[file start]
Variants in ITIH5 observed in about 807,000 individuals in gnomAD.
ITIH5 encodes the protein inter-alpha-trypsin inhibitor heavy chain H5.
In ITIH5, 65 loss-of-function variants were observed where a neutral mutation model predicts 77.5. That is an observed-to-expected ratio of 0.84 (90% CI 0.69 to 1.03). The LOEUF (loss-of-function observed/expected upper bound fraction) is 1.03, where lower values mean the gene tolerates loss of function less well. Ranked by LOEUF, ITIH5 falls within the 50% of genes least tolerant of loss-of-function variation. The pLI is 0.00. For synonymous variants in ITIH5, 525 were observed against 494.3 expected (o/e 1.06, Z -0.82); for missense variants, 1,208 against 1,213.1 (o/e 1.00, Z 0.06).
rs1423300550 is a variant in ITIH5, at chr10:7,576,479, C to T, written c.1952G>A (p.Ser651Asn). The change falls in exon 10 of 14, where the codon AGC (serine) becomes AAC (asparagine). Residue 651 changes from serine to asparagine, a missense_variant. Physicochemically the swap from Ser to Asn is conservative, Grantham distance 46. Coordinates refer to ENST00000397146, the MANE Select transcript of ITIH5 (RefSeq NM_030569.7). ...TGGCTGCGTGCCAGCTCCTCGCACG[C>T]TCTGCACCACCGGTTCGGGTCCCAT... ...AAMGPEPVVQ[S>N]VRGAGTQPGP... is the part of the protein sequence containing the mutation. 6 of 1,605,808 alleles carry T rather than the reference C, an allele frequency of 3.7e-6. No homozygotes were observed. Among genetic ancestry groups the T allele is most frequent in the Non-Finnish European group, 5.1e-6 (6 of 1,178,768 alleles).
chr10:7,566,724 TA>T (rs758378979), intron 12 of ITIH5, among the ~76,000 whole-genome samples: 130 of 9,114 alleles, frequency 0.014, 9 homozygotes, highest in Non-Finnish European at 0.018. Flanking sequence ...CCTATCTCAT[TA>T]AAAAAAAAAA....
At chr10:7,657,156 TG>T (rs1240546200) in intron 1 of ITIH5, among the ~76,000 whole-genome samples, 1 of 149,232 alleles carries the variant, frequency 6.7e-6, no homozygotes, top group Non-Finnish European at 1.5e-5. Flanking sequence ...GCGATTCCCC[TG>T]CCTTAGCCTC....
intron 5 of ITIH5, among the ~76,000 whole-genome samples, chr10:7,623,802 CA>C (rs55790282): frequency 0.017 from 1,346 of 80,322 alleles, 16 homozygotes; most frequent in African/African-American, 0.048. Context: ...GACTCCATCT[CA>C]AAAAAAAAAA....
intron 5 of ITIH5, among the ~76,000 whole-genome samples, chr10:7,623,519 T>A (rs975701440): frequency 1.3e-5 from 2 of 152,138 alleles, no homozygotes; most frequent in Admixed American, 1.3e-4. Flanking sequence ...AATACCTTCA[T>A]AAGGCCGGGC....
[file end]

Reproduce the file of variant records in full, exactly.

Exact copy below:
Variants in ITIH5 observed in about 807,000 individuals in gnomAD.
ITIH5 encodes the protein inter-alpha-trypsin inhibitor heavy chain H5.
In ITIH5, 65 loss-of-function variants were observed where a neutral mutation model predicts 77.5. That is an observed-to-expected ratio of 0.84 (90% CI 0.69 to 1.03). The LOEUF (loss-of-function observed/expected upper bound fraction) is 1.03, where lower values mean the gene tolerates loss of function less well. Ranked by LOEUF, ITIH5 falls within the 50% of genes least tolerant of loss-of-function variation. The pLI is 0.00. For synonymous variants in ITIH5, 525 were observed against 494.3 expected (o/e 1.06, Z -0.82); for missense variants, 1,208 against 1,213.1 (o/e 1.00, Z 0.06).
rs1423300550 is a variant in ITIH5, at chr10:7,576,479, C to T, written c.1952G>A (p.Ser651Asn). The change falls in exon 10 of 14, where the codon AGC (serine) becomes AAC (asparagine). Residue 651 changes from serine to asparagine, a missense_variant. Physicochemically the swap from Ser to Asn is conservative, Grantham distance 46. Coordinates refer to ENST00000397146, the MANE Select transcript of ITIH5 (RefSeq NM_030569.7). ...TGGCTGCGTGCCAGCTCCTCGCACG[C>T]TCTGCACCACCGGTTCGGGTCCCAT... ...AAMGPEPVVQ[S>N]VRGAGTQPGP... is the part of the protein sequence containing the mutation. 6 of 1,605,808 alleles carry T rather than the reference C, an allele frequency of 3.7e-6. No homozygotes were observed. Among genetic ancestry groups the T allele is most frequent in the Non-Finnish European group, 5.1e-6 (6 of 1,178,768 alleles).
chr10:7,566,724 TA>T (rs758378979), intron 12 of ITIH5, among the ~76,000 whole-genome samples: 130 of 9,114 alleles, frequency 0.014, 9 homozygotes, highest in Non-Finnish European at 0.018. Flanking sequence ...CCTATCTCAT[TA>T]AAAAAAAAAA....
At chr10:7,657,156 TG>T (rs1240546200) in intron 1 of ITIH5, among the ~76,000 whole-genome samples, 1 of 149,232 alleles carries the variant, frequency 6.7e-6, no homozygotes, top group Non-Finnish European at 1.5e-5. Flanking sequence ...GCGATTCCCC[TG>T]CCTTAGCCTC....
intron 5 of ITIH5, among the ~76,000 whole-genome samples, chr10:7,623,802 CA>C (rs55790282): frequency 0.017 from 1,346 of 80,322 alleles, 16 homozygotes; most frequent in African/African-American, 0.048. Context: ...GACTCCATCT[CA>C]AAAAAAAAAA....
intron 5 of ITIH5, among the ~76,000 whole-genome samples, chr10:7,623,519 T>A (rs975701440): frequency 1.3e-5 from 2 of 152,138 alleles, no homozygotes; most frequent in Admixed American, 1.3e-4. Flanking sequence ...AATACCTTCA[T>A]AAGGCCGGGC....